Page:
This is Thailand and where consistency may occur in most western countries, it doesn’t always happen here. Not much you can do about it.
What Must You Do Before Leaving the Shop? – Some tourists get confused about applying for the refund and think just showing up at the VAT Refund counter at the airport with valid receipts is good enough to get their money back. It’s not.
Once you’ve paid for your purchases, before you leave any store that displays the ‘VAT Refund’ sign, you must make sure the store gives you all the necessary paperwork and you must get this at every store you shop at.
Don’t worry though, it’s easy. All you need is your passport (or a photocopy, if you prefer to leave yours at your hotel) and the store will do all the rest. Once finished, they’ll hand you a completed and certified form with your receipts attached. Do not lose it, as without this, you cannot apply for the refund.
Where Do You Go to Get It? – Getting it couldn’t be easier. Simply show your receipts to a Customs Officer before checking in (the airline desk can show you where to go). This is so he/she can check your luggage if they feel like it, to verify you have the items with you. I’ve left Thailand four times though in the last 10 years where I had items that qualified for the refund and only once did the Customs Officer ask to check what I had bought, and that was in the case of a $2,000 laptop. I have heard however that they have become much stricter, so it’s likely the goods you bought will be looked at.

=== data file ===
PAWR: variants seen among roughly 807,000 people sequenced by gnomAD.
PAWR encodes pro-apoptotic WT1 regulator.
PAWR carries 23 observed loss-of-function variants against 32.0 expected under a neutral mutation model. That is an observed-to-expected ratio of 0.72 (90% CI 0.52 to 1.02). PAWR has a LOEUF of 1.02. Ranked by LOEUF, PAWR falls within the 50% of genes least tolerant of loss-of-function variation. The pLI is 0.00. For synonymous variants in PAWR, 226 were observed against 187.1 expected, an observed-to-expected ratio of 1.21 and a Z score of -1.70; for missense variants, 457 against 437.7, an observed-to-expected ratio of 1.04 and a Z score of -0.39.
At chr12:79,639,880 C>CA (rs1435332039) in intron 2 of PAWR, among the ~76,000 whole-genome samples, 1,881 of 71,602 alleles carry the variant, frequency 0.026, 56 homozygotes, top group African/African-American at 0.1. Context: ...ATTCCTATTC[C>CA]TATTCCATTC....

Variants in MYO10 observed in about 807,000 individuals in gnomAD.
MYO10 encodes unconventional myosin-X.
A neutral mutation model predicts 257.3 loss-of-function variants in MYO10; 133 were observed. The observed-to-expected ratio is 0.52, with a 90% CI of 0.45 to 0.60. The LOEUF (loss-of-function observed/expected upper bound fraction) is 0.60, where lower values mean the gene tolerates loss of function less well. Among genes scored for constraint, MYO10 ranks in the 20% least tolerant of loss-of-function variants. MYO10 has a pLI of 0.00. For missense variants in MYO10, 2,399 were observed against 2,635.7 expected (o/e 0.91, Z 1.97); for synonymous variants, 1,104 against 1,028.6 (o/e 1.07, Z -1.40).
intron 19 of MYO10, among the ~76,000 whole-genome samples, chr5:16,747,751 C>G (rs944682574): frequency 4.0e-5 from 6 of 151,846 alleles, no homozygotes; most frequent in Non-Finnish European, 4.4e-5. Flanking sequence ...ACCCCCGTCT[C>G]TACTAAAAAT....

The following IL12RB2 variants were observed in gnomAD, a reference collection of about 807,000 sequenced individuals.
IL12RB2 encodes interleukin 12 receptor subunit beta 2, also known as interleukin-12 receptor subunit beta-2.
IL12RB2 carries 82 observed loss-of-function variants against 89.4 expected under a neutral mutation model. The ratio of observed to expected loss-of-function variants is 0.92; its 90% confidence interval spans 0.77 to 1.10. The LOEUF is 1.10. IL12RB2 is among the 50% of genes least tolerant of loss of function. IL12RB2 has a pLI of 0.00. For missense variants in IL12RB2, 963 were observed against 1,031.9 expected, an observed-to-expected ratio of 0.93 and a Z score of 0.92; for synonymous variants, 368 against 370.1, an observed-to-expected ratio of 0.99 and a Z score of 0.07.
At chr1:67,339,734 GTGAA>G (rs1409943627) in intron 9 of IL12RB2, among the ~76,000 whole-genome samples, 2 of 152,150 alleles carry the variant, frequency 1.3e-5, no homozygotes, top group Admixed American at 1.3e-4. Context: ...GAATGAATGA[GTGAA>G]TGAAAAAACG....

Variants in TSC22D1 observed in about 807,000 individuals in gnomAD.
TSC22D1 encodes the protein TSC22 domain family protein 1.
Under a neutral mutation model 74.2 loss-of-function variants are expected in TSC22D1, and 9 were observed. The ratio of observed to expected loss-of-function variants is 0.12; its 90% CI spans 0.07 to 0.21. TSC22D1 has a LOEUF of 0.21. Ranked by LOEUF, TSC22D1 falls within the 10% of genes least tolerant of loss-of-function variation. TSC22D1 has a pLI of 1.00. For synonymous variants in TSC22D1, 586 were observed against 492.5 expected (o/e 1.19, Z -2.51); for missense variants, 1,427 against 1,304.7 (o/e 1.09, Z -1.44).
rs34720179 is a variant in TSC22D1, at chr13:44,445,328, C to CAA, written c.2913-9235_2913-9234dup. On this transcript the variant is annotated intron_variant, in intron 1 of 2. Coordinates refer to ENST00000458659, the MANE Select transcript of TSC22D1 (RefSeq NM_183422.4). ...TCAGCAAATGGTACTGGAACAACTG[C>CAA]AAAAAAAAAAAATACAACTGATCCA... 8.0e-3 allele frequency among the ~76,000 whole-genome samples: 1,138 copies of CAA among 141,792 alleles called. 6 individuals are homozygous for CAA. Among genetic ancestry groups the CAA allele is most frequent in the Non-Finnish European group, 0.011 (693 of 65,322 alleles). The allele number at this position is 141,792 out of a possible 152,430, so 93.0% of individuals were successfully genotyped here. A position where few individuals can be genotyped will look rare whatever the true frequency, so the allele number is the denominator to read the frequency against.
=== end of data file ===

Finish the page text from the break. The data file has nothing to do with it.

Do be aware though, on some of the higher end items, if the Customs officer inspects them and discovers they are not the same items you supposedly bought (ie: don’t try to substitute other lower value items after returning the higher priced ones, as some people apparently try to do), you will not receive a refund and, as it’s against the law in Thailand, you could end up not on your flight but in a Thai jail.
Once your items have been checked, check-in at your airline check-in desk, go through passport control and ask an airport employee where the ‘VAT Refund Office’ is. Give them all the forms you were given at the stores you shopped at, along with your passport and airline ticket and wait a couple of minutes. If your refund is less than 30,000 baht (approximately $1,000), they’ll give you the cash in Thai baht on the spot.
If however the amount is more than 30,000 baht, don’t expect to be given the money there and then. The VAT Refund Office will ask for your bank details and they’ll send you your refund via bank transfer.
You may also find, if you’re claiming a large amount of money, officials at the VAT Refund Office may ask to look at any of the items you’re carrying in your hand luggage.
I’ve never had that done, but I do know someone who had and they said it took less than 10 days to arrive in their bank account, minus a 100 baht fee (about $3.20) for the service plus the bank transfer fee every bank charges. (So, for instance, on their refund amount of around $1,500, they received $1,478 in their account – they just paid a $22 fee).
Photo – Siam Center fashion displays, Bangkok, Thailand